Here’s the Skinny
When building these old cars, you’re often forced to work with the hand you’re dealt. Last week, we touched upon a Southern California rodder who sliced and stitched an A-Bucket out of a Model A sedan. Today’s tale is in a similar vein, except our subject is one very trim T.
The fun part about early iron is that you can chop it, channel it, section it, shorten it, lengthen it, widen it or leave it just as it left the assembly line. Although we all know it’s ideal to start with pristine Henry sheetmetal, that’s rarely the case. John Souza of Garden Grove, California, faced this very problem when he set out to build a hot little street roadster.
Back in the mid-’50s, John scored a ’27 T on ’25 Chevy truck rails for the whopping sum of $200. Its origins were somewhat of a mystery, but judging by the narrowed body and the welded and cut doors, it’s likely that the car had been used for racing. Rather than returning it to stock dimensions—and ultimately making it more user friendly—he picked up where the previous owner left off.
Even though the sheetmetal and chassis remained the same, he worked to turn the T into a showpiece. Up front, he opted for a ’32 Ford axle, while a chromed banjo rear and a Model A spring took up residency out back. After frying his first flathead in L.A. freeway traffic, John put together a stroked ’48 Merc complete with beefed up internals and a trio of Strombergs.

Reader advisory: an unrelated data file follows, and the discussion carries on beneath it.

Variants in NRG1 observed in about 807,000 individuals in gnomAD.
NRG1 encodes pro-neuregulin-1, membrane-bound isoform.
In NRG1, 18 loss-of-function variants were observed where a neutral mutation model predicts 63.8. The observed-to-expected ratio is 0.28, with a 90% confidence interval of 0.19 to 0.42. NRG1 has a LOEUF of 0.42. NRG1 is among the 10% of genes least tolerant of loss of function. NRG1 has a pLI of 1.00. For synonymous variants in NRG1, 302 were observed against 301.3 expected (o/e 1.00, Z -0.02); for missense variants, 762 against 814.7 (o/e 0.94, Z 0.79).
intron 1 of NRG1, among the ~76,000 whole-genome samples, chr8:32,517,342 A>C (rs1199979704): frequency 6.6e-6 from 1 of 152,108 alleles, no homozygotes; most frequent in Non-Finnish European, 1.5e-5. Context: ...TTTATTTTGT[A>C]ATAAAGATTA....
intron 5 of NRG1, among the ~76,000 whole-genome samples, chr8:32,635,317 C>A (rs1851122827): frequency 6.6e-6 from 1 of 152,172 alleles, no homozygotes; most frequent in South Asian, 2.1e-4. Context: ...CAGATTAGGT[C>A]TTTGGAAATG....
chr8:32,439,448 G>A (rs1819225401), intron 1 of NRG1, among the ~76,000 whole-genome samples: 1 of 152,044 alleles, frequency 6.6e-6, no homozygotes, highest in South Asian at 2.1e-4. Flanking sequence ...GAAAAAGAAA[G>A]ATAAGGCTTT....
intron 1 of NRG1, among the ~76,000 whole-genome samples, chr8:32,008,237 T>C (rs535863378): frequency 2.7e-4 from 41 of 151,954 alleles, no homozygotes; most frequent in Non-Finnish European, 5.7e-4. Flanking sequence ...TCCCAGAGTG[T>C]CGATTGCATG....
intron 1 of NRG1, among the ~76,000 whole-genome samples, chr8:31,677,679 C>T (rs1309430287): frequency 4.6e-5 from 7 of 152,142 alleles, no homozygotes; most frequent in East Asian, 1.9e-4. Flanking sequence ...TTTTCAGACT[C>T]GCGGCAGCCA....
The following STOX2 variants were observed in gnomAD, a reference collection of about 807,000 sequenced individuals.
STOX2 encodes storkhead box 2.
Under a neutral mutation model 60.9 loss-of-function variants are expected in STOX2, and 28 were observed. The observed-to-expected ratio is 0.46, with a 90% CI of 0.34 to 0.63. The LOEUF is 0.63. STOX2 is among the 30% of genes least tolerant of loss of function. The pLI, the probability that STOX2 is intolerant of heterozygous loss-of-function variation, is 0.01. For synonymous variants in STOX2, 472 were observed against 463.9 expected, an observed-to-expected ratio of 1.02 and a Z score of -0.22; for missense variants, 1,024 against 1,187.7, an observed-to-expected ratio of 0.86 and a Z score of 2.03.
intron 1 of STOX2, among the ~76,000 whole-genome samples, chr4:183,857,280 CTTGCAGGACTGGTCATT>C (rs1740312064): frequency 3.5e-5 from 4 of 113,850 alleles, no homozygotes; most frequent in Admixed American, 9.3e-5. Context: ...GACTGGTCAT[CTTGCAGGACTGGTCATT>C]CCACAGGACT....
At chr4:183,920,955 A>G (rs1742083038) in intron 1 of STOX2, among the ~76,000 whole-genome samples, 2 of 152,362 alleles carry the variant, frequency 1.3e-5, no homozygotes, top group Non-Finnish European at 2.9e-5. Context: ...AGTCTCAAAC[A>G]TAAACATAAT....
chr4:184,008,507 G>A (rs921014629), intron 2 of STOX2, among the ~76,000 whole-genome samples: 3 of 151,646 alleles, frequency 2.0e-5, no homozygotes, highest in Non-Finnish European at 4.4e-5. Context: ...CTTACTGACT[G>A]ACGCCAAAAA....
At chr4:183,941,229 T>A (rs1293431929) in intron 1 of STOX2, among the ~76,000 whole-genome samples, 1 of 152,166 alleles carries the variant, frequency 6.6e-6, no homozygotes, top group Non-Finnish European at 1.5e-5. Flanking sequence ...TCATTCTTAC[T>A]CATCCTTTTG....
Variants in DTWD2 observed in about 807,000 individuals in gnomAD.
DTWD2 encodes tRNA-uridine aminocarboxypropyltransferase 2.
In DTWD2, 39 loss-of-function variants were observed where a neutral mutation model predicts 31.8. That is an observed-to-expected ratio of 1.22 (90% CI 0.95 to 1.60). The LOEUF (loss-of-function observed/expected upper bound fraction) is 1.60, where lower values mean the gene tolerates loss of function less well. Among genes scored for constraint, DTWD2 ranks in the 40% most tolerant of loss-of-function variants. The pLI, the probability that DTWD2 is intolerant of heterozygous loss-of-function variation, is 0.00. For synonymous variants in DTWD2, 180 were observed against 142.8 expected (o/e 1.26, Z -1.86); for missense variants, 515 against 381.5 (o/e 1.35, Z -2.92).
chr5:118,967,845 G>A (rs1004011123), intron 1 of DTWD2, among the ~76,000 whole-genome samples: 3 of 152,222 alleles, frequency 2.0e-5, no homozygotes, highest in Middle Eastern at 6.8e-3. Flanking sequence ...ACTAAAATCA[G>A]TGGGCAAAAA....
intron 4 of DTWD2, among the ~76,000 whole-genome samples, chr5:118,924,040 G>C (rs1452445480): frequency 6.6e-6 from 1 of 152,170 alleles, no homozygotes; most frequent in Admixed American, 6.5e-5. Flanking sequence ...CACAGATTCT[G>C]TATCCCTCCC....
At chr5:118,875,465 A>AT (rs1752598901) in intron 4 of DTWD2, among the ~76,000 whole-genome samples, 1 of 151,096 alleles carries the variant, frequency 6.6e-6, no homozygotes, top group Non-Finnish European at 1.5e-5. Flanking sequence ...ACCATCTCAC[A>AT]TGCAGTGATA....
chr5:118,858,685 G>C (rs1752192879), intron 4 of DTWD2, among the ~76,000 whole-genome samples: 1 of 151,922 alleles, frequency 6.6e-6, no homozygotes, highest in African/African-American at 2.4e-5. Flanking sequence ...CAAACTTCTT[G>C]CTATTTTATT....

Much like last week’s A, it’s the detailing that makes this a car something special. Check out the custom stainless steel radiator and gas tanks, hand-formed rear exhaust brackets and fiberglass cowl steering blister. Inside, there’s the wooden dash, fold-out steering and plenty of tuck’n’roll to go around. Chrome, polish and 20 coats of maroon ensured this machine drew a crowd wherever it went.
Yes, the interior’s a little on the cramped side, but that didn’t stop the guys at Petersen from running a rod test on the little bomb. Seeing that it’s essentially a flathead-powered Go Kart, I’m sure it was nothing but fun!
Photos from Petersen’s Custom Hot Rods, 1963